Early Recording of Marsha P Johnson and Sylvia Rivera Discovered

A gay history podcaster has discovered an early recording of transgender icons Sylvia Rivera and Marsha P Johnson.

Brian Ferree, an archival researcher for the podcast Making Gay History, found the recording in the Brooklyn basement of New York’s Lesbian Herstory Archives labelled “STAR.” The 1970 recording is an interview for “listener-supported radio” WBAI-FM.

The “STAR” label refers to “Street Transvestite Action Revolutionaries,” a group founded by the two women.

“[The tape] reminded me of how young everyone was then,” Ferree said on the podcast episode. “I think the Marsha P Johnson and Sylvia Rivera that I’ve grown accustomed to, they were older by the time… [of] the film that I’ve seen of them, the video that I’ve seen of them, the recording that I’ve listened to from them. They had more time under their belt. This, it was like they were freshly arrived in New York and just letting it all out.”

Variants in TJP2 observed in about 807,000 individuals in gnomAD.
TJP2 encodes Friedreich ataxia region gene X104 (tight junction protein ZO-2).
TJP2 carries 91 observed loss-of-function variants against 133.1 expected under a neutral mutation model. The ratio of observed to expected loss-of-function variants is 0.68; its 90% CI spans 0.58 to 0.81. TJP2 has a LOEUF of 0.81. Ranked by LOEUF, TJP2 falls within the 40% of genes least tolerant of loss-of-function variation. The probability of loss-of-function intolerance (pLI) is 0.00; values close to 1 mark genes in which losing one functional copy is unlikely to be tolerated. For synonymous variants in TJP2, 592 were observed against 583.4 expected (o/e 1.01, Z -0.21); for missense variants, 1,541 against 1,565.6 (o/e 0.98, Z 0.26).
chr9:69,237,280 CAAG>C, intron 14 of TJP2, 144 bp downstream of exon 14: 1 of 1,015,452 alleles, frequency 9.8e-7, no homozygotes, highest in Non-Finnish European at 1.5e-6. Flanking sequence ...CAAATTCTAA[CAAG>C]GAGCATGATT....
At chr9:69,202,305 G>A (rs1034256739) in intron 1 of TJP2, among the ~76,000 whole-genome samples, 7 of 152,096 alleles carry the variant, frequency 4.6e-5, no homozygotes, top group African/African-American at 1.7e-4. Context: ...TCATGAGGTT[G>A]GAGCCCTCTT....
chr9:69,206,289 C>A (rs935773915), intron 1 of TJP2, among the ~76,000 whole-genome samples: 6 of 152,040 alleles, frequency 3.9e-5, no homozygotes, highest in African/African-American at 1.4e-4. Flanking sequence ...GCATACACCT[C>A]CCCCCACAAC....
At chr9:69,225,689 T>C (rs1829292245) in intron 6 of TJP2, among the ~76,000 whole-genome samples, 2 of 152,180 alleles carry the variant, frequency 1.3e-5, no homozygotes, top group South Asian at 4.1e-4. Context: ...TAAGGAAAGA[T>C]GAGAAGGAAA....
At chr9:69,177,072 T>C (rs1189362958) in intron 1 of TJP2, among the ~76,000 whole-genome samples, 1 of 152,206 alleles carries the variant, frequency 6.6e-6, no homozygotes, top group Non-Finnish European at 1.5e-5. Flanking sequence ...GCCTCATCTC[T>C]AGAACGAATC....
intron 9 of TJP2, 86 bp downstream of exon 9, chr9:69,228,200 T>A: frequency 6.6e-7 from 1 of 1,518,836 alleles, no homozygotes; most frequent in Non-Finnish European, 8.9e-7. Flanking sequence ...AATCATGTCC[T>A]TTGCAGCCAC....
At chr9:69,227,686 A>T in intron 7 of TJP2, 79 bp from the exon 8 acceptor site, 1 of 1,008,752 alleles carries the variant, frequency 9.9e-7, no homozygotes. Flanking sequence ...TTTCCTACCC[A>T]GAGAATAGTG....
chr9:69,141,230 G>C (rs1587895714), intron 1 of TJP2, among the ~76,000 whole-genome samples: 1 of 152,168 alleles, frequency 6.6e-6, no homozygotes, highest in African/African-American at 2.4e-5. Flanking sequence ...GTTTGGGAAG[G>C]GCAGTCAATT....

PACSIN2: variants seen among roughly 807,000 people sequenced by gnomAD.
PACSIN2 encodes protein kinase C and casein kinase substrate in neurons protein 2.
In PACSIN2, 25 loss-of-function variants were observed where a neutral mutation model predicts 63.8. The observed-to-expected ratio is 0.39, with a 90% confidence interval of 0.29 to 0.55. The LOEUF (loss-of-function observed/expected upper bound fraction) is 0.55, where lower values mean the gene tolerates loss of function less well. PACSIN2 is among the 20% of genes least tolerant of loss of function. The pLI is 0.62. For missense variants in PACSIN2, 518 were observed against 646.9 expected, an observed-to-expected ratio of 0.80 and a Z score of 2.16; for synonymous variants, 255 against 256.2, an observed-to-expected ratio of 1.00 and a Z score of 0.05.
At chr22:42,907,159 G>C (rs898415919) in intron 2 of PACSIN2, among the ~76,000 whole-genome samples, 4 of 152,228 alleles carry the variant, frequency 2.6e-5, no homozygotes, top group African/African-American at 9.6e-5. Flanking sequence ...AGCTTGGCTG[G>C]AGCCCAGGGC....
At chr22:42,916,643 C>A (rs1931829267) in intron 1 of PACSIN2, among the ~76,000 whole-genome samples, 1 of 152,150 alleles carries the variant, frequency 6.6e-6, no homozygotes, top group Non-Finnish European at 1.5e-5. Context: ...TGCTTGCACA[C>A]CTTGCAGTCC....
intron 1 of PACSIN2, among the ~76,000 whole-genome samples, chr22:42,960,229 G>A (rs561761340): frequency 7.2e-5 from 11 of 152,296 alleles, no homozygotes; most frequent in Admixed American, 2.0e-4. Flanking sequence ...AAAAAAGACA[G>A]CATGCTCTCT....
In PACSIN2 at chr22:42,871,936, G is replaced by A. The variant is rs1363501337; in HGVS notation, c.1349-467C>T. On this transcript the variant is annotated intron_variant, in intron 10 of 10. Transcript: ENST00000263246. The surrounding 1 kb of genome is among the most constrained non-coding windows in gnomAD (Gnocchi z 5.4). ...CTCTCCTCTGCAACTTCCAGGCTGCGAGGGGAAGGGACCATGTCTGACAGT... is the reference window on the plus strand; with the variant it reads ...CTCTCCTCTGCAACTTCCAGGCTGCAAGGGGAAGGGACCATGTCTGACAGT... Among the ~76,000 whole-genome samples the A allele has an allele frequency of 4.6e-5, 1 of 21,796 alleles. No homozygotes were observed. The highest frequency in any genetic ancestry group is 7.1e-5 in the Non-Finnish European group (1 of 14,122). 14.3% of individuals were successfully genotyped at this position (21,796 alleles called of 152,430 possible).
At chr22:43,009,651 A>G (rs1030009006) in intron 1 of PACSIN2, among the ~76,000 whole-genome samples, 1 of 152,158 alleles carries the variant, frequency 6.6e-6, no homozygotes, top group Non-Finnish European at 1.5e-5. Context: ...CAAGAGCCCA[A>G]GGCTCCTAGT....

Rivera and Johnson, 19 and 25 respectively, discuss New York, their identities, and their activism in the interview with Lisa Cowen.

“My grandmother completely freaked out for a number of years until she recently has to be satisfied that I’m…going to be my way,” Rivera says in the interview. “And now she calls me Sylvia. I’m her dear granddaughter… Society keeps on saying, ‘You can’t do this because it isn’t your role.’ Who is to tell who what role we’re supposed to take?”